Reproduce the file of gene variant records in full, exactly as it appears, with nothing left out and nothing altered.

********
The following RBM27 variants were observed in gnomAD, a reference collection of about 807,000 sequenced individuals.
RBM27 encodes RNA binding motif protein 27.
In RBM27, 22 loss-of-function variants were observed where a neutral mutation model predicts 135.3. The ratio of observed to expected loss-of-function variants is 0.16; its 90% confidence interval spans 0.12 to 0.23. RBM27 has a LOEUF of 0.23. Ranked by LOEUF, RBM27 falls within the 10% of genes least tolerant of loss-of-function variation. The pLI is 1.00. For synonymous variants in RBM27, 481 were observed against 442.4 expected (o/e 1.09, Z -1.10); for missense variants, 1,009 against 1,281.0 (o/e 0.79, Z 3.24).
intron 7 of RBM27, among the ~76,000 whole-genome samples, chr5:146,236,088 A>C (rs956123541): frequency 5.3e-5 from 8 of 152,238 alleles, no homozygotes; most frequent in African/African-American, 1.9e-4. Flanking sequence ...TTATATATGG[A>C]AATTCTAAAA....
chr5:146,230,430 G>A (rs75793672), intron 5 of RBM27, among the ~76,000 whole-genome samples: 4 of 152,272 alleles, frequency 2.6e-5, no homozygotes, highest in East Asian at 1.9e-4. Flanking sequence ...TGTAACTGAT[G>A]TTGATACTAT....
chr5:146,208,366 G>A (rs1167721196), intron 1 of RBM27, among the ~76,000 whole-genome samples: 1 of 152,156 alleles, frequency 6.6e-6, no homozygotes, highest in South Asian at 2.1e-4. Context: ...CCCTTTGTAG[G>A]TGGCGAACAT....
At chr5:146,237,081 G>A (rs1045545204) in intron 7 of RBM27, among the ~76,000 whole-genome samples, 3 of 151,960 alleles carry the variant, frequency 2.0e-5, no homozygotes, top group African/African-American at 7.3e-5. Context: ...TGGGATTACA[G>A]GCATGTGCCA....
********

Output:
The following RBM27 variants were observed in gnomAD, a reference collection of about 807,000 sequenced individuals.
RBM27 encodes RNA binding motif protein 27.
In RBM27, 22 loss-of-function variants were observed where a neutral mutation model predicts 135.3. The ratio of observed to expected loss-of-function variants is 0.16; its 90% confidence interval spans 0.12 to 0.23. RBM27 has a LOEUF of 0.23. Ranked by LOEUF, RBM27 falls within the 10% of genes least tolerant of loss-of-function variation. The pLI is 1.00. For synonymous variants in RBM27, 481 were observed against 442.4 expected (o/e 1.09, Z -1.10); for missense variants, 1,009 against 1,281.0 (o/e 0.79, Z 3.24).
intron 7 of RBM27, among the ~76,000 whole-genome samples, chr5:146,236,088 A>C (rs956123541): frequency 5.3e-5 from 8 of 152,238 alleles, no homozygotes; most frequent in African/African-American, 1.9e-4. Flanking sequence ...TTATATATGG[A>C]AATTCTAAAA....
chr5:146,230,430 G>A (rs75793672), intron 5 of RBM27, among the ~76,000 whole-genome samples: 4 of 152,272 alleles, frequency 2.6e-5, no homozygotes, highest in East Asian at 1.9e-4. Flanking sequence ...TGTAACTGAT[G>A]TTGATACTAT....
chr5:146,208,366 G>A (rs1167721196), intron 1 of RBM27, among the ~76,000 whole-genome samples: 1 of 152,156 alleles, frequency 6.6e-6, no homozygotes, highest in South Asian at 2.1e-4. Context: ...CCCTTTGTAG[G>A]TGGCGAACAT....
At chr5:146,237,081 G>A (rs1045545204) in intron 7 of RBM27, among the ~76,000 whole-genome samples, 3 of 151,960 alleles carry the variant, frequency 2.0e-5, no homozygotes, top group African/African-American at 7.3e-5. Context: ...TGGGATTACA[G>A]GCATGTGCCA....